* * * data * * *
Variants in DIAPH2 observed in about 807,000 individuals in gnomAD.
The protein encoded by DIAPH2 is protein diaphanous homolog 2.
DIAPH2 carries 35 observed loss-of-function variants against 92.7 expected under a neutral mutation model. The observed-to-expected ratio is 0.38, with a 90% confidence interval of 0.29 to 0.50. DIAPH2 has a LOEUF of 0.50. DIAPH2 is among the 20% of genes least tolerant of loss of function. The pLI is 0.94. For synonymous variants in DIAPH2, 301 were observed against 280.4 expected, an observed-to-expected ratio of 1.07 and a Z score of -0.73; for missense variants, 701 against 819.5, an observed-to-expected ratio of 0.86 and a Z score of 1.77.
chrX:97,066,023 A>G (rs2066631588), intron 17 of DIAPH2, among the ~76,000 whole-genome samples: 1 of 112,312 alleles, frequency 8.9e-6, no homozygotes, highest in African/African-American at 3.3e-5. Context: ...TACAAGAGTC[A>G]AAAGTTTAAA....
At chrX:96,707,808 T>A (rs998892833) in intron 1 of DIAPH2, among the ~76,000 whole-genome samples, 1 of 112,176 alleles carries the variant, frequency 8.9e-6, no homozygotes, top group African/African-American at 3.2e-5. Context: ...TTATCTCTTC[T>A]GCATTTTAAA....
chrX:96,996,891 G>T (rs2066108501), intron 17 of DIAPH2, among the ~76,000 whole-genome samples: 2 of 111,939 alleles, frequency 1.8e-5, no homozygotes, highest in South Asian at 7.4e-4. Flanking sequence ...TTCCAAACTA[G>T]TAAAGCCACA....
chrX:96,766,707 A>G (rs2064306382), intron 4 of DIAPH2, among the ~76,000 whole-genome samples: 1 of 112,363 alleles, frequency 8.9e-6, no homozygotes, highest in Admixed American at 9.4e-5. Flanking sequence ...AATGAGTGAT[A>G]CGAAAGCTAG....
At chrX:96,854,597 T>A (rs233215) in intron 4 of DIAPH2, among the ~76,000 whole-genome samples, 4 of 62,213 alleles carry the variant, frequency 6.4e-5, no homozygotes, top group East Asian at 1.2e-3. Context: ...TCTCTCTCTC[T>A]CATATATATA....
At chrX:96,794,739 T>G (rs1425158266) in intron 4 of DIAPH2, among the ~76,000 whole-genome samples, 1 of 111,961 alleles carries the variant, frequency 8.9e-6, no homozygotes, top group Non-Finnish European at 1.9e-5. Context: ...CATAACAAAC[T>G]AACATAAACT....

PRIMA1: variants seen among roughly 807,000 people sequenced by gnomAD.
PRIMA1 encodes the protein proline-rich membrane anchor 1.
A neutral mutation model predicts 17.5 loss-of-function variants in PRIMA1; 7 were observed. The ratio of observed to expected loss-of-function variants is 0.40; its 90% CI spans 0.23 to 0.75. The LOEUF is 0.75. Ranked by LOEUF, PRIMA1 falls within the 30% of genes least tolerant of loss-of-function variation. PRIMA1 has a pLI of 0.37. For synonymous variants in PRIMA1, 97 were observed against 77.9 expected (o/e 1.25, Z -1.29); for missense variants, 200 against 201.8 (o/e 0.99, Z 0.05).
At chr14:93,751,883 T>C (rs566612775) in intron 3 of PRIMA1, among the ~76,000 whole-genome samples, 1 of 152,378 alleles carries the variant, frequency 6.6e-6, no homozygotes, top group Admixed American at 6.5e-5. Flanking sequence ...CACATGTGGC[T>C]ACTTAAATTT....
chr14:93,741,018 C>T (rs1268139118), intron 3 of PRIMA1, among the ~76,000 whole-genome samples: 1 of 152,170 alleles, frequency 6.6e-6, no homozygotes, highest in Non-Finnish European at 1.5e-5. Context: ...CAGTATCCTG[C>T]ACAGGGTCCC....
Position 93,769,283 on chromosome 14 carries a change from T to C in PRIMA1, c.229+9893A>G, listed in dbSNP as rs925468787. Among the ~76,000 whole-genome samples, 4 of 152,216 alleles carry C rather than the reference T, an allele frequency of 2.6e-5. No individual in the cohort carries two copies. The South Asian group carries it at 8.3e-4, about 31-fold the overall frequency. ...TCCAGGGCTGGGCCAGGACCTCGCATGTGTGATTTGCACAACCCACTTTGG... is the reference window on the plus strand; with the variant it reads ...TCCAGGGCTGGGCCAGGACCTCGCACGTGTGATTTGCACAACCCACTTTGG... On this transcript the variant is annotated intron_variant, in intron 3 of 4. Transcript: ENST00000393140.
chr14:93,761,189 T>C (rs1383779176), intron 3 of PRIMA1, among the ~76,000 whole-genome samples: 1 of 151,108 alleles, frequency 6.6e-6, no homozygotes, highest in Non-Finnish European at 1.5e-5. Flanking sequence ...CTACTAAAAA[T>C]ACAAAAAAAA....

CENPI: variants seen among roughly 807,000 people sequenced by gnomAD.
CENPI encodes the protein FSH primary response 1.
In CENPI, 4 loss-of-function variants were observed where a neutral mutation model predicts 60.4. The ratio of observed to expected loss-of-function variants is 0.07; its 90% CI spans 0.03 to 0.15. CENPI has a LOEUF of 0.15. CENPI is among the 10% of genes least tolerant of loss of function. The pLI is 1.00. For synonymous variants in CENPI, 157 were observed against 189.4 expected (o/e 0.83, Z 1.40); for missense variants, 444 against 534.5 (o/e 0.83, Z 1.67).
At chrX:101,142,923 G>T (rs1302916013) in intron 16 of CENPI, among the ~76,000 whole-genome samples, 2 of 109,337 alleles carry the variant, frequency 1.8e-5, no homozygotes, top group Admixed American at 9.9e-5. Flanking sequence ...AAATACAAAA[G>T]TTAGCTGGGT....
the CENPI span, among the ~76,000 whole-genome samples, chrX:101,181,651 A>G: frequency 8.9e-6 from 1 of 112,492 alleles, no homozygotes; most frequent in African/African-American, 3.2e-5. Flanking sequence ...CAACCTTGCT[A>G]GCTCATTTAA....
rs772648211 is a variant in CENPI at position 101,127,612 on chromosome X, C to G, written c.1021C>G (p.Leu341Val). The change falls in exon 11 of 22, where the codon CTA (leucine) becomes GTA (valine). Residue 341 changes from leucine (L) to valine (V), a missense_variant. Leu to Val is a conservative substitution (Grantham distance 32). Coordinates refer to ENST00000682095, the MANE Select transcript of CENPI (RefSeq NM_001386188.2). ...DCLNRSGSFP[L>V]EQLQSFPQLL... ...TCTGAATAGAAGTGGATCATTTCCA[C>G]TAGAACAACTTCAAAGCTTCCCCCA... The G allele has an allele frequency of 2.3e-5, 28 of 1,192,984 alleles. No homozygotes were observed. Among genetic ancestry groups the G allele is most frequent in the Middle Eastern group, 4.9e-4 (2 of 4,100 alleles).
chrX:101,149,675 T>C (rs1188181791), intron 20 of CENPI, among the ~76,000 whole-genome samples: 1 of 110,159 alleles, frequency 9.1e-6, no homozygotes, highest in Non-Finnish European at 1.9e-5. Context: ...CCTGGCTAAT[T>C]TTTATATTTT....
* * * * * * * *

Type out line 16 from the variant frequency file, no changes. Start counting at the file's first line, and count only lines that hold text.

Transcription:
chr14:93,761,189 T>C (rs1383779176), intron 3 of PRIMA1, among the ~76,000 whole-genome samples: 1 of 151,108 alleles, frequency 6.6e-6, no homozygotes, highest in Non-Finnish European at 1.5e-5. Flanking sequence ...CTACTAAAAA[T>C]ACAAAAAAAA....